The New Brunswick Department of Transportation
Kedgwick, New Brunswick

HILCON designed a replacement structure for the old Kedgwick River Bridge, which was destroyed by ice in 2012. HILCON’s team performed a full site survey, including river bottom and approaches, calculated peak flow estimates, built a hydraulic model, did an ice study of the site prior to structural design. Due to a compressed construction schedule and in stream work restrictions, an innovative 80m long pre-fabricated structure was launched across the Kedgwick River on HILCON designed abutments. This bridge was the largest single span structure of its kind in Canada at the time.

City of Fredericton
Marysville, New Brunswick

The City of Fredericton required a replacement structure for a failing steel culvert under the Nashwaak Trail. The high embankment also contained a water line and sanitary forcemain that had to remain in service during construction. HILCON completed the engineering survey, hydraulic design, including energy dissipators and full tender package for the City and provided full time inspection during construction.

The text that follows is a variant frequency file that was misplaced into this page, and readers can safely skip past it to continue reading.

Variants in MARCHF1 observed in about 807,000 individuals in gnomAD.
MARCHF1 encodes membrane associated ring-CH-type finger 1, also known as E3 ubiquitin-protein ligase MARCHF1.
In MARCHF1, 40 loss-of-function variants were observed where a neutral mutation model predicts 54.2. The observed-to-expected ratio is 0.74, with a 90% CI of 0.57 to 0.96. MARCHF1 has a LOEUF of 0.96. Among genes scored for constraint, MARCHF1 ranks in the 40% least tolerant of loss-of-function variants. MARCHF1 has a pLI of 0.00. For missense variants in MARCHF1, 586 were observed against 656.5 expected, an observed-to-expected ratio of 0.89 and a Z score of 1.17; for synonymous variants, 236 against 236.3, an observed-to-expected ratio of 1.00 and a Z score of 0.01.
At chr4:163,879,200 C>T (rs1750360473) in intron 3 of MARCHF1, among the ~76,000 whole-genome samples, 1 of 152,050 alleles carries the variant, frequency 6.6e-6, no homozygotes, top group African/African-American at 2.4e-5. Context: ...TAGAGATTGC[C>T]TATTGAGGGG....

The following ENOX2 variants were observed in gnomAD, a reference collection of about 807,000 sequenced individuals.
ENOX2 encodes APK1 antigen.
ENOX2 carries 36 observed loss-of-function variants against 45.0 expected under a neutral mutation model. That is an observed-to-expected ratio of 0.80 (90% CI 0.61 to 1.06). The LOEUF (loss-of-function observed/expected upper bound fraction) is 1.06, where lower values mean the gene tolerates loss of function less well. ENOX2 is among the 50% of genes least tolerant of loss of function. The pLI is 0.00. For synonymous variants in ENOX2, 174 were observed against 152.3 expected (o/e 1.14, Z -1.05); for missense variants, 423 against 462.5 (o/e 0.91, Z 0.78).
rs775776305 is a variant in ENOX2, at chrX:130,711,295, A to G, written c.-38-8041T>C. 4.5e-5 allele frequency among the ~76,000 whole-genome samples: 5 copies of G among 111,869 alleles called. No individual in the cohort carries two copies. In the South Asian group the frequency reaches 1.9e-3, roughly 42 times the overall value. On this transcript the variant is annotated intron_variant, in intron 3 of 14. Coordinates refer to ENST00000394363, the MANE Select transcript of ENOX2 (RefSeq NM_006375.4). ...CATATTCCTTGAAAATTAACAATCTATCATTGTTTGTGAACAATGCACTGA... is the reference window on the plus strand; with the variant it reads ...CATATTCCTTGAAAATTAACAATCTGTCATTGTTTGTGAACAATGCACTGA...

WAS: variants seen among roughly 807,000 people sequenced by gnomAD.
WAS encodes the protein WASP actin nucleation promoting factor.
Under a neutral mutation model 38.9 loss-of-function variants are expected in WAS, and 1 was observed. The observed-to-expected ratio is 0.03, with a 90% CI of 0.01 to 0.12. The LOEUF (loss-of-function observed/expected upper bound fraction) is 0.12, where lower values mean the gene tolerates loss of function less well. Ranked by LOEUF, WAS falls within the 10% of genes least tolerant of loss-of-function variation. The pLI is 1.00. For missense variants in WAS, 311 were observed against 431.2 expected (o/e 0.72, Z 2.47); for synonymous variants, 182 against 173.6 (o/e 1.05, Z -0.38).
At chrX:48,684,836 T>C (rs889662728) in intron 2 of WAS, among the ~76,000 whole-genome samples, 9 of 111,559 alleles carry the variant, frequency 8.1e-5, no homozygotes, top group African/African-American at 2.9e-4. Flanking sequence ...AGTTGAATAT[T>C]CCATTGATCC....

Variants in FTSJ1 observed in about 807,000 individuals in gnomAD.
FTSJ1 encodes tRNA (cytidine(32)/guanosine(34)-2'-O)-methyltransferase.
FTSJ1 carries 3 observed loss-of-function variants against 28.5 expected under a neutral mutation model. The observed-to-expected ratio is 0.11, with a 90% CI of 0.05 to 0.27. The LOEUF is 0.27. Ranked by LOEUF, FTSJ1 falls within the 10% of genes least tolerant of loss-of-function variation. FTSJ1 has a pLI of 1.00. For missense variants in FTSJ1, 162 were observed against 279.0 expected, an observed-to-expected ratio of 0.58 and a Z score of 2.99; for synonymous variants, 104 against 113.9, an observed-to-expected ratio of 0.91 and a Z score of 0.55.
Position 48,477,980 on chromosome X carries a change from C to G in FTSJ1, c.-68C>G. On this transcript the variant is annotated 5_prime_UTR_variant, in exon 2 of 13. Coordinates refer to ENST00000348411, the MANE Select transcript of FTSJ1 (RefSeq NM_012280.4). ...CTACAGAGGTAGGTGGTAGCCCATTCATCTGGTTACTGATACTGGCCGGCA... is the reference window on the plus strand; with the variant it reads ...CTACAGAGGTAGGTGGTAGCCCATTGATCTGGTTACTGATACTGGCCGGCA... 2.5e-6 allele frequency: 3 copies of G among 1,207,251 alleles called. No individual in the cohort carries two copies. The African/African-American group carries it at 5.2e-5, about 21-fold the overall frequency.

Department of Transportation and Infrastructure
Gagetown, New Brunswick

HILCON Limited assisted the Department of Transportation and Infrastructure with the Full Mill Brook culvert replacement. This project involved replacing two failing culverts under Route 102 and an adjacent abandoned rail line, with a single concrete pipe. The project included engineering survey, hydraulic design, fish passage design, realignment of the abandoned rail line (and conversion to a pedestrian trail) as well as construction detour design to keep the site open during construction.

Department of Transportation and Infrastructure
Fredericton, New Brunswick

HILCON’s team performed a field survey and investigation and developed a storm water management model of the Back Drain in Fredericton, New Brunswick. The back drain has a length of approximately 2.3km and increases in pipe diameter from 750mm to 1500mm along its length as it intercepts several secondary storm water lines. The model identified several hydraulic deficiencies and is an important tool for analyzing the impact of land use on storm water run off.